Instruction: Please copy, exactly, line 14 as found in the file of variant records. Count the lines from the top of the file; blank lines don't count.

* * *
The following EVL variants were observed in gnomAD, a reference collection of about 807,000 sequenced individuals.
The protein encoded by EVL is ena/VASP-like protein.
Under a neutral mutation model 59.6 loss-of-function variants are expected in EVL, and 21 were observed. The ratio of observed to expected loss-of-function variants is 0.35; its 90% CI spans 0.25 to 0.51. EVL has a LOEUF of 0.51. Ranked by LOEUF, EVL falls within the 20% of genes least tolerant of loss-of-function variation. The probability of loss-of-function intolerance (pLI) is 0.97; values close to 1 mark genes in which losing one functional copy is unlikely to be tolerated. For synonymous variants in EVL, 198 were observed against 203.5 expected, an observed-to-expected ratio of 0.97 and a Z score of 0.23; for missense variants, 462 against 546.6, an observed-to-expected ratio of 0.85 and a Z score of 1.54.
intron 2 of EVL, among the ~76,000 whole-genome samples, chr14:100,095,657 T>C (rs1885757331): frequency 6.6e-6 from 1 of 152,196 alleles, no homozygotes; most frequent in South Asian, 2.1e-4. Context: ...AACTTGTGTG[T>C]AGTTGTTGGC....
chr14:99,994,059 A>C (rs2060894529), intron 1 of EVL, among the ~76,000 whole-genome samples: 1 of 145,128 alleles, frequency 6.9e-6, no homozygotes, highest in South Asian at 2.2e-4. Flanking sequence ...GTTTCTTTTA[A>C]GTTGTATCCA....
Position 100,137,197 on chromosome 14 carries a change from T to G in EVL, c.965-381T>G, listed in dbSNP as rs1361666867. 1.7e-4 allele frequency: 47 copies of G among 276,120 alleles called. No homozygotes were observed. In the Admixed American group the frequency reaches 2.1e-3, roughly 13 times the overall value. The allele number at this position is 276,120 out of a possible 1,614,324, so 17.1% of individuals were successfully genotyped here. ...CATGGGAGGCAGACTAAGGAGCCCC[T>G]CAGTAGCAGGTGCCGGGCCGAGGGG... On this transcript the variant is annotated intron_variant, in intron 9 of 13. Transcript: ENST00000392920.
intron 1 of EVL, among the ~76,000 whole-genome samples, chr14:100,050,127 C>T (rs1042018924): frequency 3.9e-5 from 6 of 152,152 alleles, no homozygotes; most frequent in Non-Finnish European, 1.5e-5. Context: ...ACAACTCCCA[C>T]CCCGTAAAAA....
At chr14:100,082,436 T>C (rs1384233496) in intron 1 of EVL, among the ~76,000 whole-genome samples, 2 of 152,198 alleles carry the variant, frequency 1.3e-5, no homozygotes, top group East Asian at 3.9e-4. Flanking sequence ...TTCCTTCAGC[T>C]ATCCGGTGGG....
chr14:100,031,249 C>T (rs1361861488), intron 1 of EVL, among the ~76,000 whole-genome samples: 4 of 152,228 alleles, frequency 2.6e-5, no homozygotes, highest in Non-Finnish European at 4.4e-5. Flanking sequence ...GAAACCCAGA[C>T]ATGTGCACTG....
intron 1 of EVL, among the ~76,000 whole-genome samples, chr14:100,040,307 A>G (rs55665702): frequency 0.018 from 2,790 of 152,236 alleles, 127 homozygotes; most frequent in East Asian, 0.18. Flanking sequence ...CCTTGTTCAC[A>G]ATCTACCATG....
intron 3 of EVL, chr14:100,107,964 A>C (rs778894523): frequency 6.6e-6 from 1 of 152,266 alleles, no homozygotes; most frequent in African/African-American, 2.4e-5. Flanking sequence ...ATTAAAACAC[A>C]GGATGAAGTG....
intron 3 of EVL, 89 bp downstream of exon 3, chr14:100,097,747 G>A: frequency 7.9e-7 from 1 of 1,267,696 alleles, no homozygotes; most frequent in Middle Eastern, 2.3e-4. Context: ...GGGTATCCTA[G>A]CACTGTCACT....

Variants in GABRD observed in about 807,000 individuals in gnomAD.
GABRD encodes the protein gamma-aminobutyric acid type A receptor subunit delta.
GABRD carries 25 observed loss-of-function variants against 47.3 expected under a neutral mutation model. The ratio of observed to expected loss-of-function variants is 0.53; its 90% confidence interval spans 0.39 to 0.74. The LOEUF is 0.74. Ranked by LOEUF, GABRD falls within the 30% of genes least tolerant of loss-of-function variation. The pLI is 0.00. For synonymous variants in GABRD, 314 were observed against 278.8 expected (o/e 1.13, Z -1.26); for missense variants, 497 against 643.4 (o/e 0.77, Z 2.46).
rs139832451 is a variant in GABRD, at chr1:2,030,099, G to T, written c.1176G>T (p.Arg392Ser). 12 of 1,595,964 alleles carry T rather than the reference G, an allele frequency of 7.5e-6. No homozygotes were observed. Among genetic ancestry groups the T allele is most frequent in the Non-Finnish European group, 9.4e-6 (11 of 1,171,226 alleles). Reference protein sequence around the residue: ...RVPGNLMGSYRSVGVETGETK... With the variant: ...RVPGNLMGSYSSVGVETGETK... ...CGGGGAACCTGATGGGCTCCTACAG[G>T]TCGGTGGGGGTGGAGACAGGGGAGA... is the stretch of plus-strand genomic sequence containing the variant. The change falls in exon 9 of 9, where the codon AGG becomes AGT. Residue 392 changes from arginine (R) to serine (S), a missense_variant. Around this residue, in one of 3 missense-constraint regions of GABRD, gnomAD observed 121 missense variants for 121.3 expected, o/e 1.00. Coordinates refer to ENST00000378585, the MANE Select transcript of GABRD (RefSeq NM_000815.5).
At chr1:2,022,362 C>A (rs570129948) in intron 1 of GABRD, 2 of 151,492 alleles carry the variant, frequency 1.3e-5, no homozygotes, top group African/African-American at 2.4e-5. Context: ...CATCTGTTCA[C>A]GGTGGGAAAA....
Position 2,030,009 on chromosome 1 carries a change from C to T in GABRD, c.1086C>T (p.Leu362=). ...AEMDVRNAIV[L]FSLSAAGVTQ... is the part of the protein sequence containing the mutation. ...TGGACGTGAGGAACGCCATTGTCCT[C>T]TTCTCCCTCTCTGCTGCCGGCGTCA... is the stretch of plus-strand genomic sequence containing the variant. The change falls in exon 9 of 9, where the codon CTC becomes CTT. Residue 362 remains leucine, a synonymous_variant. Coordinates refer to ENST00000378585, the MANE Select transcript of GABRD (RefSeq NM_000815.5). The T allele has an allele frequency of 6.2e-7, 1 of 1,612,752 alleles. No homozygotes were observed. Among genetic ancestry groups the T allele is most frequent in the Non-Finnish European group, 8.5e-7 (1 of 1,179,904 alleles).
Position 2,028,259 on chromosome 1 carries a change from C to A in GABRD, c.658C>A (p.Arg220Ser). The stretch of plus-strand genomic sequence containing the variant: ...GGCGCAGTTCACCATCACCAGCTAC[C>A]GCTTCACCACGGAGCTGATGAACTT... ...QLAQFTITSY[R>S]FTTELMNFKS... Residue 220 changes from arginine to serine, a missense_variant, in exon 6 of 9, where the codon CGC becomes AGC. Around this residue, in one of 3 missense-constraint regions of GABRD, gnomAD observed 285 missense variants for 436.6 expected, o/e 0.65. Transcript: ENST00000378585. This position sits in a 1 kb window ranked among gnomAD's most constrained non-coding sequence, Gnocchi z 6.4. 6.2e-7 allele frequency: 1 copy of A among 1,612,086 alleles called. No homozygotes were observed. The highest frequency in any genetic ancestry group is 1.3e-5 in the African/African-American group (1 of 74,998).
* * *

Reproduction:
GABRD encodes the protein gamma-aminobutyric acid type A receptor subunit delta.